We talk a lot about the benefits of Electronic Medical Records (EMRs). We accept that EMRs promote patient safety, encourage care quality, save cost and time, allow for accountability in the healthcare industry, but we forget to mention the benefits of EMR adoption in regards to the sustainability of our environment.
Doctors at George Washington University have estimated that complete conversion to Electronic Medical Records saves around 2000 pieces of paper per physician on an annual basis. If we assume that this figure is accurate and 100,000 practicing doctors have completely converted to Electronic Medical Records, then around 0.2 billion pieces of paper are being saved each year. According to research, An average tree provides around 80,000 sheets of paper. This essentially means that if every doctor in the United States uses EMRs, the country could save thousands of trees every year.
We can therefore extrapolate from the above information that apart from obvious benefits such as improving patient safety, care quality and cost optimization, usage of EMR also reduces paper and hence saves trees which are valuable for the health of our planet.
Research according to ‘Globodox’ states, that there are 8 million physicians, 200,000 dentists, 5000 hospitals, 15,000 nursing homes and 200,000 laboratories present in the United States today. Most of these use a medical records system based on paper. On average, a single patient needs 11 sheets of paper and the care provider sees between 75 to 100 patients in a week. This means that each week, one thousand to fifteen hundred sheets of paper are used.
The research also found out that around 3 in 10 tests are re-conducted just because the information was lost. The use of Electronic Medical Records saves the amount of paper used on a daily basis. It also saves time for the staff that does not have to rely on hand written notes for every single procedure and minimizes the risk of data loss.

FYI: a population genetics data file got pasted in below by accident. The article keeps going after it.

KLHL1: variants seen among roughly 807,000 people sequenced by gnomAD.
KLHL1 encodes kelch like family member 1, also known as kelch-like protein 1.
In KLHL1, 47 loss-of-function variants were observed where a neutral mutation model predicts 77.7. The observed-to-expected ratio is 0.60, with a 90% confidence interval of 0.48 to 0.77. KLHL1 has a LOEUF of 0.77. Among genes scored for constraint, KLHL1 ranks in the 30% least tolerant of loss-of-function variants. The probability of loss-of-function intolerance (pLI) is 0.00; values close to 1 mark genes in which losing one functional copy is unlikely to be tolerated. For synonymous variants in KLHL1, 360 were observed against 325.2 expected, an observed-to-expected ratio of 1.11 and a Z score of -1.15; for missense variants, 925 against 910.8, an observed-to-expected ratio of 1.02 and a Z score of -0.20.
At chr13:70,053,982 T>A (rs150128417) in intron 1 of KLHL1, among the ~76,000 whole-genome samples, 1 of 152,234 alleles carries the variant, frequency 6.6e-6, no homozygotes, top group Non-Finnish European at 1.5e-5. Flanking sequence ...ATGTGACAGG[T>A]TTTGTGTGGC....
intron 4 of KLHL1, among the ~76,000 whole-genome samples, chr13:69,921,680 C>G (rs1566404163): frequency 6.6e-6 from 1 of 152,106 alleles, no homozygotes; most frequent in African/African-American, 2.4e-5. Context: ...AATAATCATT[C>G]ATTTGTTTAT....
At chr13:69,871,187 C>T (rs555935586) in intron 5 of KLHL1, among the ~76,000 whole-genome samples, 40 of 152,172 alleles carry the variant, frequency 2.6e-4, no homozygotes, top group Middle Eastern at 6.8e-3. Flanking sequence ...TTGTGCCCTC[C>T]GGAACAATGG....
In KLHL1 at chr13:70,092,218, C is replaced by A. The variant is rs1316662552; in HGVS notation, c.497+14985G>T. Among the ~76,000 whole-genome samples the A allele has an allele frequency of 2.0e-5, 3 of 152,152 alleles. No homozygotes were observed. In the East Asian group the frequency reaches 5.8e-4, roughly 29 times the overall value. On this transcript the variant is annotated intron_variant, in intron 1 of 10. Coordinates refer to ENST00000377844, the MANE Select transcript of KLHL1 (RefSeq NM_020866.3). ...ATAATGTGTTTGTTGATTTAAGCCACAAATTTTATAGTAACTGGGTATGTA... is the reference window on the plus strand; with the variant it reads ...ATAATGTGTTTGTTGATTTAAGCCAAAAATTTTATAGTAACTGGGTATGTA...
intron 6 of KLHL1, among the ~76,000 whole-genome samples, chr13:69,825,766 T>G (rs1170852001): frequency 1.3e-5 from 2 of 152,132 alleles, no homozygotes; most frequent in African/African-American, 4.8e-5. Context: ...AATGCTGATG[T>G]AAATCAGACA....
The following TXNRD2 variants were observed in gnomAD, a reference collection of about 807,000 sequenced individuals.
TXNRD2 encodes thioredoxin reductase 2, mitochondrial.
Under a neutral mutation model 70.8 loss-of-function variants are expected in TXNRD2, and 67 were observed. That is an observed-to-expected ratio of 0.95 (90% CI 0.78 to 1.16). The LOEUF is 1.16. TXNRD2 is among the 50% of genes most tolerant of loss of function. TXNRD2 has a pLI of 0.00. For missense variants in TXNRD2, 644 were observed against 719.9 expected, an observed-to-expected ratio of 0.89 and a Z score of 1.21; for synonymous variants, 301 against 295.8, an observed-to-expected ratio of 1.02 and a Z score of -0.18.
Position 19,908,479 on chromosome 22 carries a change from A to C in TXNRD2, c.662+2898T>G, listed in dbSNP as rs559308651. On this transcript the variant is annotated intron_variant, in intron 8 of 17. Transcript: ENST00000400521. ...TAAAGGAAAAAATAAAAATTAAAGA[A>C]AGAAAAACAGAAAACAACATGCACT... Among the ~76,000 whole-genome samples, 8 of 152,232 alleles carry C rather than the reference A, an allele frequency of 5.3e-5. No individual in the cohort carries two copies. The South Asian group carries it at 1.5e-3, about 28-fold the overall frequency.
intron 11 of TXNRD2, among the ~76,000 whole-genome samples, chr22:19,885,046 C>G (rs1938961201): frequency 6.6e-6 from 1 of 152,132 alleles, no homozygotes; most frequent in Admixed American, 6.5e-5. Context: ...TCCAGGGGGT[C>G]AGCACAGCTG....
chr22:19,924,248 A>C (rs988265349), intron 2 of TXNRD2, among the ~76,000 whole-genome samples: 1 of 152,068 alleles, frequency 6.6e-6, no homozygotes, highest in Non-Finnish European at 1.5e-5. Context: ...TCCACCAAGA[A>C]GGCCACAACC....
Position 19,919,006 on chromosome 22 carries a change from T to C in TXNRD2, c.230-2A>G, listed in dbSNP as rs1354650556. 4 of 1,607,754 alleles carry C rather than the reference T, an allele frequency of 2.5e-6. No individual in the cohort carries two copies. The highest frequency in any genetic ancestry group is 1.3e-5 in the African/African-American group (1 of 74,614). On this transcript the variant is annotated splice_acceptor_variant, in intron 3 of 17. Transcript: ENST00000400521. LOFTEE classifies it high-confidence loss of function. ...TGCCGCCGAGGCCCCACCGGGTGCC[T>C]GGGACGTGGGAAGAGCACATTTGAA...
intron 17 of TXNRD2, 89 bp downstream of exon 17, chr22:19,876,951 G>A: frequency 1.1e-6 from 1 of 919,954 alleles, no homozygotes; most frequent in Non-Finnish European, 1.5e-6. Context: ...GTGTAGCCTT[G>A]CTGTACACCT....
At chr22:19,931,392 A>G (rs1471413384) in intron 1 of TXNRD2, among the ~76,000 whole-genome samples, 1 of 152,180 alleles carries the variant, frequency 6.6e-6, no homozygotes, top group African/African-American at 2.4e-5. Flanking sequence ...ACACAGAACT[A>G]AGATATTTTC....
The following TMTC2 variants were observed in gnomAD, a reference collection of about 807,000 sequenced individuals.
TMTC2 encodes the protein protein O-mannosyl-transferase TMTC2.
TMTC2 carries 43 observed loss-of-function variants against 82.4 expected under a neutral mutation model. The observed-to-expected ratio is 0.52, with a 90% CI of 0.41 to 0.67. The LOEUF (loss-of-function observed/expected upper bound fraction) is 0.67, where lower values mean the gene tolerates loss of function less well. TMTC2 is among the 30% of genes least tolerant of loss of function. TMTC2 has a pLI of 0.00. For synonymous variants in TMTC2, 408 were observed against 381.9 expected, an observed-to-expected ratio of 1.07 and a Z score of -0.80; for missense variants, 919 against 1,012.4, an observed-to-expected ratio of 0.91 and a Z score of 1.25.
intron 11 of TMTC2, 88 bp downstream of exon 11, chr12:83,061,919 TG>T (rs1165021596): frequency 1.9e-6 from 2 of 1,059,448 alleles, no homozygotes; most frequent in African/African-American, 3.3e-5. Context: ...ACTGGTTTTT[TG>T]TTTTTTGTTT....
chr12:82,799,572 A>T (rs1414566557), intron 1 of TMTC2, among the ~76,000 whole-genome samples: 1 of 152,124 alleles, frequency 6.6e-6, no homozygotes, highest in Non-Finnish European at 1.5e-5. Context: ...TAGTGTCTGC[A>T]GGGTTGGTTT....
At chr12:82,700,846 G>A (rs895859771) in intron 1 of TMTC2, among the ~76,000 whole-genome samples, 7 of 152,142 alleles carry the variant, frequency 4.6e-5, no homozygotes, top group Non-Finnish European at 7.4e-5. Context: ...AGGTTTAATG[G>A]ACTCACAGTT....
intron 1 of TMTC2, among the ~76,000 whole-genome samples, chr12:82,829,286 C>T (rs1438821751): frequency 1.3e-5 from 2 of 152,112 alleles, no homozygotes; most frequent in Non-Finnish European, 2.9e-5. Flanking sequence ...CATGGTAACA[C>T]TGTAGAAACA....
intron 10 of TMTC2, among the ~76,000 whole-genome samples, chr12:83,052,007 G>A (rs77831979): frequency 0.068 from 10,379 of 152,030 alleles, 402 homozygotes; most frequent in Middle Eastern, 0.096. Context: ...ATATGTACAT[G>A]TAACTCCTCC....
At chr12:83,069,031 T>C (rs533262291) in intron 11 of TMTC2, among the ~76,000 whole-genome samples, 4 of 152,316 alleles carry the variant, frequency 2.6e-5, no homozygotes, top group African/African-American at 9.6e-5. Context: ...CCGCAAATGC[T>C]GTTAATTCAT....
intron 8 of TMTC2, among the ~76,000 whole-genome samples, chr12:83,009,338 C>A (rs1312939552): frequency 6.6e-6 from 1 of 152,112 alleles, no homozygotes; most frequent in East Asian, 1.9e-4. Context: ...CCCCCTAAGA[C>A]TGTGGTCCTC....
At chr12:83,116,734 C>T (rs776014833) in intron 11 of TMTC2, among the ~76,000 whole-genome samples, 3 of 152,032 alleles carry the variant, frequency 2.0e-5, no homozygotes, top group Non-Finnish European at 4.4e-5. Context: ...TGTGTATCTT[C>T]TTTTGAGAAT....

Kaiser Permanente, a healthcare provider committed to keeping the environment healthy, conducted an audit after its conversion to Electronic Health Records and found out that by shifting to Electronic Health Records it had approximately eliminated 1000 tons of paper records, 68 tons of x-ray film, 38 tons of toxic chemical used to process x-ray films, saving 71.5 million gallons of water per year and by reducing medical visits, saved 3 million gallons of gasoline.
Kathy Gerwig, VP for Workplace Safety and Environmental Stewardship says, “There is a strong correlation between environmental health and the health of our communities. As health care providers, it is our responsibility to reduce our negative impact on the environment and ‘do no harm.” She added, “The results of this study show that the healthcare sector is on the way to improving our environment through the broader adoption of Electronic Health Records.”
Terhilda Garrido, VP of HIT Transformation and Analytics said, “Prior to this study, the benefits of electronic health records were categorized primarily by their impact on the quality of care and potential to improve efficiency. As the country increases its ‘meaningful use’ of HIT, we should consider other macro impacts as well.”
The report also highlighted the fact that transition to Electronic Health Records in the United States could result in reduction of carbon dioxide emissions by at least 1.7 million tons across the country. This leaves no doubt that usage of Electronic Medical Records is not only beneficial for population health; it is also beneficial for the health of our planet and enables environment sustainability.
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